This was the second time on the day. I never had a tire blow out on me before but earlier, as I was leaving the rest stop at Mile 50, I had a tire blow. Rather than change it on the side of the road I walked 200 meters back to the fire station where I changed the tire. Now just 20 miles later, it happened again.

Would my new friends keep going? Or would they stop and help this stranger? Without a spare tube (already used) I was screwed, But Josh Sayre, riding in front of me, heard my faint yell of “flat” or at least heard the tire blow. He stopped and gave me his tube. The SAG was right behind us so I could use their floor pump. This change was easy.

After a group photo we were rolling again. At Mile 85 we were riding along at a good pace when we came to the last rest stop. They indicated they were not going to stop but I was low on my fluids. Any thought about continuing with them immediately disappeared with a cramp. Our pace up the small climb to the rest stop was just enough to induce more cramps.

L-R: Ben Herbert, Josh Sayre, Kim Goldman, Ben Aiken, Mike Davis, Barry Sherry

I pulled over and could barely lift my leg over the frame. Looking for something, anything, with salt, I found Doritos (yes). I refilled with Gatorade. I drank five bottles on the day with seven bottles of water. I took off for the final 20 miles. And I was deep in the suitcase of pain.

I could find no rhythm in pedaling. When I did I would stay there. Sometimes it was a slow cadence. Other times it was faster. But then a cramp would come and I would have to change position, cadence, and twice, stop to stretch. To make matters worse, although it was all flat, there was mostly a headwind to contend with.

My Salty Snack

The ride was a struggle. Actually, from Mile 60 to 85 it was a breeze as I was talking with the group. But the last 20 miles, riding solo, was very difficult. My skin was white with salt deposits.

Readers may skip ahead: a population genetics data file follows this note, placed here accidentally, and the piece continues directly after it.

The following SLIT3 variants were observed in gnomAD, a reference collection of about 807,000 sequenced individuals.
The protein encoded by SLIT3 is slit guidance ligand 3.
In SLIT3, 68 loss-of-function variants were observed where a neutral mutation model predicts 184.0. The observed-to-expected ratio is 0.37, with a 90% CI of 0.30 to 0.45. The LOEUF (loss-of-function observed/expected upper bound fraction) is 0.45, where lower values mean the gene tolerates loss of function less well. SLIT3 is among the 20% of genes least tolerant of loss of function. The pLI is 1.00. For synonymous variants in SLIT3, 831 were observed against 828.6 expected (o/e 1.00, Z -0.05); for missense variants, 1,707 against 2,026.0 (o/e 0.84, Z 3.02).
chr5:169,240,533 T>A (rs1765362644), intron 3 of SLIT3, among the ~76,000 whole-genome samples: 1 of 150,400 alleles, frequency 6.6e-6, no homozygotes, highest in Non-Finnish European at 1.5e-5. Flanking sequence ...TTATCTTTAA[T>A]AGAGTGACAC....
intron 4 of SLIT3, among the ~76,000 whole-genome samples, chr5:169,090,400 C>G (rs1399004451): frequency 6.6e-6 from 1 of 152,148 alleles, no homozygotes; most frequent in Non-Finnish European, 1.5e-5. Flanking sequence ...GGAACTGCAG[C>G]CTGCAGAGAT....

The irony is I like distances. I often do my best in the final quarter of a long ride. But I was ill-prepared. I even had a jar of Endurolytes which would fend off losing all the salt and electrolytes. At home. In a drawer.

It was a difficult ride. And while I did set a personal best on the climb up Catoctin Mountain, I will remember the difficulty of the day and how ill-prepared I was. But I will remember most meeting new friends on the ride. All because of what’s on the jersey.

Spokes of Hope

TREXLERTOWN, PENNSYLVANIA

The father of cyclist Davis Phinney and grandfather of Taylor Phinney, Damon Phinney, created an organization called Cyclists Combating Cancer (CCC) before he died from prostate cancer. CCC historically has been the largest single group raising funds for the Livestrong Foundation.

Spokes of Hope has grown out of CCC as an action group visiting cancer patients and spreading hope. I first met some of the Spokes of Hope last year at RAGBRAI. 

Valley Preferred Cycling Center

I was invited to Trexlertown to ride on the Velodrome during the last Friday night races of the season at the velodrome. This was a UCI (International Cycling Union) event with an international field.

The day kept unfolding with surprises and kept getting better as the day grew older.

Pros Warming Up on the Track

I arrived at the velodrome around 3:45 p.m. for a practice session on the track. Riding on the velodrome is unlike the normal riding we do. This was a 333 meter track with 28 degree banked curves. 

Pediatric Cancer Survivors